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Burton Road

Didsbury village



Old Parsonage


The Didsbury and Ye Olde Cock inn

Fletcher Moss Gdns
DIDSBURY is one of Manchester's best known and most fashionable suburbs - home to professors, doctors, business people, Coronation Street cast members, footballers and many others. I visited Didsbury as a child and lived here for two and a half years as an adult.

Didsbury is situated about 5 miles south of the city centre, and extends across half the width of the south of the City of Manchester, from East Didsbury and Kingsway (A34), to West Didsbury and Princess Road (A5103). The meandering River Mersey lies to the south, to the north are the neighbouring suburbs of Withington and Burnage.

Contact the author by writing to E. France 351 Parrs Wood Rd Didsbury M20 6JF



It's easy to get to Didsbury from the city centre, as there are lots of frequent and cheap buses from Piccadilly. You can also take the train to East Didsbury, and in a few years you'll be able to ride the Metrolink to Didsbury.

Let's start at East Didsbury and the Mersey bridge which takes us from the Stockport MBC district of Cheadle into the City of Manchester. Down by the river to the left used to be the Galleon outdoor swimming pool, where I went as a child - now it's an upmarket hotel and health club. To the right is Parrs Wood High, the City of Manchester's showcase comprehensive 11-18 school. The site is being transformed by a new leisure development currently under construction next to the school.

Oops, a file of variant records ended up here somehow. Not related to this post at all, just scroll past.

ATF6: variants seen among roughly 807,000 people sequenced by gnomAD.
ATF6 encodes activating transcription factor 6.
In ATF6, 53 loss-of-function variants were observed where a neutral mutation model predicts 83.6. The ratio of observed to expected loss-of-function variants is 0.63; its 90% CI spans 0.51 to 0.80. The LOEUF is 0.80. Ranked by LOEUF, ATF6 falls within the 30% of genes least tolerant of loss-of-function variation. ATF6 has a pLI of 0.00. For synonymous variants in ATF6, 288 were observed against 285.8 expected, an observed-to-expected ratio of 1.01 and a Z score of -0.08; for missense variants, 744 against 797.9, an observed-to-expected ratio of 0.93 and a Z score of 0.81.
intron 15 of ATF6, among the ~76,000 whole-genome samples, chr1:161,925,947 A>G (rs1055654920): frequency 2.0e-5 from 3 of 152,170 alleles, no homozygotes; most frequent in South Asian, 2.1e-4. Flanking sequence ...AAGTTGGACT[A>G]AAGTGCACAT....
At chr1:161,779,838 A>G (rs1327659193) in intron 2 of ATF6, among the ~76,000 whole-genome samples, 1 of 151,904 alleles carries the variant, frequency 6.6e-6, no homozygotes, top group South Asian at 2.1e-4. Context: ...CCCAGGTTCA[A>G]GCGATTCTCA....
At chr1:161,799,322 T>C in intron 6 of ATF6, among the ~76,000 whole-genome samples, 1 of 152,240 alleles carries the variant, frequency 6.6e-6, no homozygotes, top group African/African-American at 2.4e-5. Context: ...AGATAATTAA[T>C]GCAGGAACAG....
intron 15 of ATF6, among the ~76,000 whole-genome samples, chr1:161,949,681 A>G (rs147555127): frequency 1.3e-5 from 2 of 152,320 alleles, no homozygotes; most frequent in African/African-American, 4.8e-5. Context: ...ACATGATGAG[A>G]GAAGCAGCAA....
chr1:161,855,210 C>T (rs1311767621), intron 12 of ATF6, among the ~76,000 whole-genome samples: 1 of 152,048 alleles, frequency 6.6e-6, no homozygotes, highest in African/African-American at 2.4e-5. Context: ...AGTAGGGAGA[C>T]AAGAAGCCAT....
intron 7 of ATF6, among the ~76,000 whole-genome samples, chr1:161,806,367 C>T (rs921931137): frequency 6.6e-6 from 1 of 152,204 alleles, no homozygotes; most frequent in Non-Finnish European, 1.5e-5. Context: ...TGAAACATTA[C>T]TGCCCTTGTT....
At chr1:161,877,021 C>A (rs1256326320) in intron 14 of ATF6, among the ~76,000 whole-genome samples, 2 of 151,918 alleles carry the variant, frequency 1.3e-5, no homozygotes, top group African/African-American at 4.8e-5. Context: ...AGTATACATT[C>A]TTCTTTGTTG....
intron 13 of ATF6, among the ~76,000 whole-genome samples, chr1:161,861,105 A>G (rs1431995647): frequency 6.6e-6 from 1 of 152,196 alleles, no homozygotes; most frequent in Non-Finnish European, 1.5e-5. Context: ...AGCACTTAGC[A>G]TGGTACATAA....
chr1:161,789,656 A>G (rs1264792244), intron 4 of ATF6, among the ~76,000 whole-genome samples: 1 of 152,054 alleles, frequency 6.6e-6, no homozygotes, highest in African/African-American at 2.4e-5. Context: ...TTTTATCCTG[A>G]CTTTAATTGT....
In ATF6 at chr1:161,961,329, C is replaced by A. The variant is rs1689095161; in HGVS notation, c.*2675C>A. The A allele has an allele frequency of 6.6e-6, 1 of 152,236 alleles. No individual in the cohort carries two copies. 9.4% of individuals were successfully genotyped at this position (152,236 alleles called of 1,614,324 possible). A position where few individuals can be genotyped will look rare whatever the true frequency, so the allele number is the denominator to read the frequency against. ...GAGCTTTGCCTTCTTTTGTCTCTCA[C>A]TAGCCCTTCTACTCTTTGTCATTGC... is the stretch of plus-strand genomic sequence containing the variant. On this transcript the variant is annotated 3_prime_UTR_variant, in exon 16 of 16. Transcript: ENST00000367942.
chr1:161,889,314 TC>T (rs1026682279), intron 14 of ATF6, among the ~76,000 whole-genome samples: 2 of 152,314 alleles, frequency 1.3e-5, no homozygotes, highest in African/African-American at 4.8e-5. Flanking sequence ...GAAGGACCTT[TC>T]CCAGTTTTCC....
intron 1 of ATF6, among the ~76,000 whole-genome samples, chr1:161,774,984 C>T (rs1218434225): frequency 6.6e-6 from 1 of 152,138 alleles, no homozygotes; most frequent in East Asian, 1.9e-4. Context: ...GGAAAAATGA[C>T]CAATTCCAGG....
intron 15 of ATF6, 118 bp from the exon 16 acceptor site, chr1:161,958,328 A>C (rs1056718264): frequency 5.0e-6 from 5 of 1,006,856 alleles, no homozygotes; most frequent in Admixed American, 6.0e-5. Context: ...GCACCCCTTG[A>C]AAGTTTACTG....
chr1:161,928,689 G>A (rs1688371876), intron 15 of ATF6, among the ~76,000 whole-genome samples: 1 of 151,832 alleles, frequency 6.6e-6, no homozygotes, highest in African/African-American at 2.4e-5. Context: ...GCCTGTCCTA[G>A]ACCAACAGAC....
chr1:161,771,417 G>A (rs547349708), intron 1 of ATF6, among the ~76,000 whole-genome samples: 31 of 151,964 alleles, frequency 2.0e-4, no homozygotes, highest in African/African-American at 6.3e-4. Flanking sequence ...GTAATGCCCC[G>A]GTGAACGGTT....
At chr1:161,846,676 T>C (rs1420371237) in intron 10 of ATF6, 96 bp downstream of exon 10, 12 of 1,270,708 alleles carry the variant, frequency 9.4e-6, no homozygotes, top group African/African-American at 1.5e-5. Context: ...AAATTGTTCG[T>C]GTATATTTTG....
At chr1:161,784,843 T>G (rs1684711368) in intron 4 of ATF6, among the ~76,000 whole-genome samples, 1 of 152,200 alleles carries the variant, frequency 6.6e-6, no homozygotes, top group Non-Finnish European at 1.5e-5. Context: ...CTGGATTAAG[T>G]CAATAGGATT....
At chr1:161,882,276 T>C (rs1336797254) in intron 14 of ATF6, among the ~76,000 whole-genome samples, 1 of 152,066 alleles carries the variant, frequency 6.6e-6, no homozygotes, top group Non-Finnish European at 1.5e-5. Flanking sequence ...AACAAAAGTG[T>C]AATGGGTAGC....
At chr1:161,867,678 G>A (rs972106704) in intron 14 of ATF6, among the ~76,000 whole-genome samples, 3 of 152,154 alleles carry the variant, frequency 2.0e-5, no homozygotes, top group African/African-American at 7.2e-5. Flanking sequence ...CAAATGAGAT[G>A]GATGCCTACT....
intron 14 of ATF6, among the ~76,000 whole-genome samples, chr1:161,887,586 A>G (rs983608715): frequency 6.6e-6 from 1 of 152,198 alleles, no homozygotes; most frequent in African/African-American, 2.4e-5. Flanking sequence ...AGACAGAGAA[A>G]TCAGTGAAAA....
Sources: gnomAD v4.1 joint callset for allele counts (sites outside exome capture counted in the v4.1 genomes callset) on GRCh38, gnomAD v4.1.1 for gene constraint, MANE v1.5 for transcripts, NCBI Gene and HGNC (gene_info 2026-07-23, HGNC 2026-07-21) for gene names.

At the traffic lights, the ancient and winding Wilmslow Road meets the long and straight Kingsway dual carriageway, a city planning creation of the 1920's and 30's. A pleasant grassy triangle edged by trees marks the intersection of these two roads.


The new Parrs Wood development will transform a sleepy lay-by bus terminus into the gateway to a busy cinema and leisure complex. This already a busy intersection, I wonder what the traffic will be like when the complex opens later this year.


The northern corner of the triangle at Parrs Wood is marked by the clock tower of the former bus depot, demolished in the 80's to make way for Tesco supermarket, where we often go shopping.

Going under the railway bridge, with East Didsbury Station up the ramp, and we're heading towards Didsbury village.

From the bridge on Parrs Wood road over the disused railway line, there's a nice view over the rooftops towards St Paul's Chapel, built in 1877. The church was converted into offices, now headquarters of the prestigious PR company BDHBWA.
At the corner of School Lane and Parrs Wood Road stood the Capitol Theatre, actually a cinema, which opened in 1933. ITV's "Opportunity Knocks" presented by Hughie Green was broadcast from here in the 1960's, and it was subsequently used by Manchester Metropolitan University (formerly Manchester Polytechnic) for drama teaching. Manchester Poly drama graduates Julie Walters and Susan Cleaver will remember this building, as well as Didsbury. In 1999 the Capitol met its demise - demolished to make way for new apartments.